Former President Donald Trump, his son Don Jr., and other Trumpworld figures made quiet exits last month from the board of a troubled social media venture launched to give the former president an online outlet.
The Sarasota Herald-Tribune first reported the resignations.
TPM reviewed a copy of a Florida corporate filing from Trump Media & Technology Group (TMTG) which attests to the changes.
Filed on June 8, the document shows the company seeking to amend its application for authorization to do business in Florida. It specifically sought to remove Trump, Don Jr., Kash Patel, and Wes Moss from the company’s board. It also sought to remove Scott Glabe as the company’s general counsel and Andrew Northwall as its chief operating officer.
TRUTH Social, owned by TMTG, issued a statement on the platform calling the reports “fake news” and disputing that Trump had departed.
“Donald Trump remains on the board of Trump Media and Technology Group,” the statement read in part.
TPM called the Division of Corporations at Florida’s Department of State, and was told that the changes described in the filing did in fact refer to departures from the company’s board.
It’s not clear why the departures took place when they did.
Corporate reorganizations are not uncommon, and Trump’s departure from the board does not appear to change any underlying dynamics in the proposed merger.
As the Sarasota Herald-Tribune noted, the departures come as SEC and DOJ investigations into TMTG’s merger with Digital World Acquisition Corp. appear to be heating up, with subpoenas from the SEC going to Digital World in May and from the DOJ in late June.
Digital World is a special purpose acquisition company — known as a SPAC. These are firms that are publicly traded, but have no assets of their own. Instead of building their own business, they aim to acquire privately held firms.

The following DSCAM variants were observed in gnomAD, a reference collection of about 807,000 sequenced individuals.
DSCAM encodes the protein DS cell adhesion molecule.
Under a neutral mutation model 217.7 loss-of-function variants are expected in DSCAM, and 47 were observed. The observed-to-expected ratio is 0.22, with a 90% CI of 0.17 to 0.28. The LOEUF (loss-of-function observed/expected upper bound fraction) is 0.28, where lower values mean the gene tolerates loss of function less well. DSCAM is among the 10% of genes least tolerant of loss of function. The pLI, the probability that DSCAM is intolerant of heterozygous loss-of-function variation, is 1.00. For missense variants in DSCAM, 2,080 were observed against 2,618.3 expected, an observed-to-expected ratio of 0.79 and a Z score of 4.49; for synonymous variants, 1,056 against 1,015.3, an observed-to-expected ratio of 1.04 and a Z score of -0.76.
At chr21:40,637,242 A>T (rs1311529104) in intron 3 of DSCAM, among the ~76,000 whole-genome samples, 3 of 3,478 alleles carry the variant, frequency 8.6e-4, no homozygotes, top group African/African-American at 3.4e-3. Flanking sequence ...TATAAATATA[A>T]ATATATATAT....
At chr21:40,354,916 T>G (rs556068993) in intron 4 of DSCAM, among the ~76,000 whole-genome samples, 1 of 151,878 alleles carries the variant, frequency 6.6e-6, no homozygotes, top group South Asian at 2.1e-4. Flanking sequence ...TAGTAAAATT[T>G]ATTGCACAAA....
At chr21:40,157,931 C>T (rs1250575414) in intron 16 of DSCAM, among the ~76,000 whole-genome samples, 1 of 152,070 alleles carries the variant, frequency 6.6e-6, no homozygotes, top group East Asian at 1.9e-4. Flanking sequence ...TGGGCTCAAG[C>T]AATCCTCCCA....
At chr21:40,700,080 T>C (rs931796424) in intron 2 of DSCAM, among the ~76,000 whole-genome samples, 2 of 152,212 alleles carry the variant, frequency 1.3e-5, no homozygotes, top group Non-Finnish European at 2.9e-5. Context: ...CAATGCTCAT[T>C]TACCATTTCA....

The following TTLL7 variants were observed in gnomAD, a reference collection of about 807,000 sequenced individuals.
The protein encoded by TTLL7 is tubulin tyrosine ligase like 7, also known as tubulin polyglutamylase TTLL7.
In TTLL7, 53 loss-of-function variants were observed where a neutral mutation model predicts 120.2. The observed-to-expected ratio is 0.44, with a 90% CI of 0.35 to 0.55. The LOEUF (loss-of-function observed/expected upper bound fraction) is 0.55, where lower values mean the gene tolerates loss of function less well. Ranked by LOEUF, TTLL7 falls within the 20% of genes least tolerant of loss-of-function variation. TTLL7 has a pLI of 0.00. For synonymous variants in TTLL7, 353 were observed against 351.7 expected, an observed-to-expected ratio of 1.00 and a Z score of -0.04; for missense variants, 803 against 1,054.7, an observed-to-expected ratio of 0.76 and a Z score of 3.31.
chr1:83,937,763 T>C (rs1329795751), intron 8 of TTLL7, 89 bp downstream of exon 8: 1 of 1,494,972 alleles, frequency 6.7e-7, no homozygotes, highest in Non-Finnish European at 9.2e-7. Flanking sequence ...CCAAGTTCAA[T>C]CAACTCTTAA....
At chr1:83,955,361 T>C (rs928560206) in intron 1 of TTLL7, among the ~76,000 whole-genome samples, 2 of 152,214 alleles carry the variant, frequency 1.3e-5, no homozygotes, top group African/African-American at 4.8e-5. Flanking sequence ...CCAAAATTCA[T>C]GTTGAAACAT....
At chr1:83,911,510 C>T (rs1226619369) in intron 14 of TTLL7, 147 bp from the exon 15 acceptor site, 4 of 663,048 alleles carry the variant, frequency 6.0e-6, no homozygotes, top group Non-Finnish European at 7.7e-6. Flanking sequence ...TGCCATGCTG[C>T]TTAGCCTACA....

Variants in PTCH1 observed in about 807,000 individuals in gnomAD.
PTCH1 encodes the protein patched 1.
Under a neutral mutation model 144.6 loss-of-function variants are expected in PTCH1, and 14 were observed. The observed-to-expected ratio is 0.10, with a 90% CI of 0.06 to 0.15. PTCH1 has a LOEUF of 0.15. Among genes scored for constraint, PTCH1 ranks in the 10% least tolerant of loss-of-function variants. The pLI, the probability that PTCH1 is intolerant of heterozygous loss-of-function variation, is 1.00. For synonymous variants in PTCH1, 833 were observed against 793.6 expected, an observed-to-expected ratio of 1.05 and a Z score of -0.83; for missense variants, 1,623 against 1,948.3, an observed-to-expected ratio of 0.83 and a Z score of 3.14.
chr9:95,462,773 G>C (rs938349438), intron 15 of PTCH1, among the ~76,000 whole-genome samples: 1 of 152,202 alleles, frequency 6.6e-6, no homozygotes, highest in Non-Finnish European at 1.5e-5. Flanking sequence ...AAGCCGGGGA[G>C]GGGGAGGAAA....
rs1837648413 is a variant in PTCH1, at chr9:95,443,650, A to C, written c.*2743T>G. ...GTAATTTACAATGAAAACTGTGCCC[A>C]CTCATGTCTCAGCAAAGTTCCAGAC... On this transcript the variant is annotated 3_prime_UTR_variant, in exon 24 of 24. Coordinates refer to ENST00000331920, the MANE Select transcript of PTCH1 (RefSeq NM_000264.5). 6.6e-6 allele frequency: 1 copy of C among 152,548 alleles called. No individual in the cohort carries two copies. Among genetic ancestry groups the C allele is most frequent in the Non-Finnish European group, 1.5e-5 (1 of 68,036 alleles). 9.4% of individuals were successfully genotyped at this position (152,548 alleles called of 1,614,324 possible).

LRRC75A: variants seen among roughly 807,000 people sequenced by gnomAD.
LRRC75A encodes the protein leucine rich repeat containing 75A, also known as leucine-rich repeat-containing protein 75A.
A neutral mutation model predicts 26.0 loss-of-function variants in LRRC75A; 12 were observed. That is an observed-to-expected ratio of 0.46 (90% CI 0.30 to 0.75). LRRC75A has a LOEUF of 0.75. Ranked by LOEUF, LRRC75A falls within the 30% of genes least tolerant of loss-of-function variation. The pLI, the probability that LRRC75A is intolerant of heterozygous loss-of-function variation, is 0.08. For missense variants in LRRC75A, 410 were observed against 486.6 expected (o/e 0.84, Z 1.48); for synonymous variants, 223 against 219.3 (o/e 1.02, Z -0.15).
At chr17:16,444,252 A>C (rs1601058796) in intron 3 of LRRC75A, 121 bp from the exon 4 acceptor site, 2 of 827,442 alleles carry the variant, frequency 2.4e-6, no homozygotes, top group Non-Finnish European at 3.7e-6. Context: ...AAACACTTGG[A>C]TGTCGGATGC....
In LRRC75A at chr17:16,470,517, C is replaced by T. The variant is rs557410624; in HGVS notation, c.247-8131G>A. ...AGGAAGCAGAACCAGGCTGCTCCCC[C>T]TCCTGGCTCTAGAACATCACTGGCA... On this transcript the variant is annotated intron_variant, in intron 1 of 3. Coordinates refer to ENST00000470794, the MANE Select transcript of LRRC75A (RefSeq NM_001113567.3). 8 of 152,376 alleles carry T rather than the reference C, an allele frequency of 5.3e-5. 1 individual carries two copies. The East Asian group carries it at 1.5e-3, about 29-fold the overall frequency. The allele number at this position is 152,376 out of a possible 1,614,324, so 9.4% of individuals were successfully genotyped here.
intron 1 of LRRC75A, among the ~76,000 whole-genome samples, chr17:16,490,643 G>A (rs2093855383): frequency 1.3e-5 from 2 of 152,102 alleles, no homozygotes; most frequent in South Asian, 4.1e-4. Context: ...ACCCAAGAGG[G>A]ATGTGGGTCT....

The benefit here is that privately held firms can essentially go public via SPAC without subjecting themselves to the traditional initial public offering process. If successful, it would give TMTG, which owns TRUTH Social, access to billions of dollars via the public stock market.
The catch, however, is that SPACs cannot, under federal securities law, discuss potential acquisition targets before going public, and without disclosing those conversations to investors. The New York Times reported last year that Digital World may have skirted both those laws.
Trump and others appear to have left the board after Digital World was subpoenaed by the SEC, but before the DOJ issued subpoenas to each member of that firm’s board of directors.
Trump also departed before TMTG itself received subpoenas from the SEC and from a Manhattan federal grand jury.
It’s not clear that Trump’s departure would have any impact on the investigation itself — the allegations that Digital World discussed TMTG long predate Trump’s departure. But it leaves the question open of whether this merger — valued at $875 million — will become the latest in a long line of failed Trump ventures, from Trump Steaks to Trump University.